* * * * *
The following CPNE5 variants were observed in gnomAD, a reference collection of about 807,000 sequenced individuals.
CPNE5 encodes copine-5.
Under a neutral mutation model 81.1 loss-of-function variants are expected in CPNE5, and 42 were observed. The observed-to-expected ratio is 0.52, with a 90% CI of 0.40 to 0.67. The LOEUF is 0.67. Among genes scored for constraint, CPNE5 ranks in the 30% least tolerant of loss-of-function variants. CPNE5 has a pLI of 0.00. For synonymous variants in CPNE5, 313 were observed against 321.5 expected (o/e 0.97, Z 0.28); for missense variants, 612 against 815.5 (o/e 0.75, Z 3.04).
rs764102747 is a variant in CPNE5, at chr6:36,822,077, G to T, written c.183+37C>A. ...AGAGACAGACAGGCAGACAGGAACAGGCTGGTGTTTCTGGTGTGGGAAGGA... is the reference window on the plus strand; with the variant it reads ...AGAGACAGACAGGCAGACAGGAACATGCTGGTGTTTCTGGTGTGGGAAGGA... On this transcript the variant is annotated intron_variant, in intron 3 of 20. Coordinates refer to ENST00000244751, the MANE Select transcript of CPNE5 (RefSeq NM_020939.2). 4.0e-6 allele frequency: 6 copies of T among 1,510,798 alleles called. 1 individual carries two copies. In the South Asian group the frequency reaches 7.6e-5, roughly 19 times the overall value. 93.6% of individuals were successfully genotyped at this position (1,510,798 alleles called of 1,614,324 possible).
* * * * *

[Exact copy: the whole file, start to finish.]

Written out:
The following CPNE5 variants were observed in gnomAD, a reference collection of about 807,000 sequenced individuals.
CPNE5 encodes copine-5.
Under a neutral mutation model 81.1 loss-of-function variants are expected in CPNE5, and 42 were observed. The observed-to-expected ratio is 0.52, with a 90% CI of 0.40 to 0.67. The LOEUF is 0.67. Among genes scored for constraint, CPNE5 ranks in the 30% least tolerant of loss-of-function variants. CPNE5 has a pLI of 0.00. For synonymous variants in CPNE5, 313 were observed against 321.5 expected (o/e 0.97, Z 0.28); for missense variants, 612 against 815.5 (o/e 0.75, Z 3.04).
rs764102747 is a variant in CPNE5, at chr6:36,822,077, G to T, written c.183+37C>A. ...AGAGACAGACAGGCAGACAGGAACAGGCTGGTGTTTCTGGTGTGGGAAGGA... is the reference window on the plus strand; with the variant it reads ...AGAGACAGACAGGCAGACAGGAACATGCTGGTGTTTCTGGTGTGGGAAGGA... On this transcript the variant is annotated intron_variant, in intron 3 of 20. Coordinates refer to ENST00000244751, the MANE Select transcript of CPNE5 (RefSeq NM_020939.2). 4.0e-6 allele frequency: 6 copies of T among 1,510,798 alleles called. 1 individual carries two copies. In the South Asian group the frequency reaches 7.6e-5, roughly 19 times the overall value. 93.6% of individuals were successfully genotyped at this position (1,510,798 alleles called of 1,614,324 possible).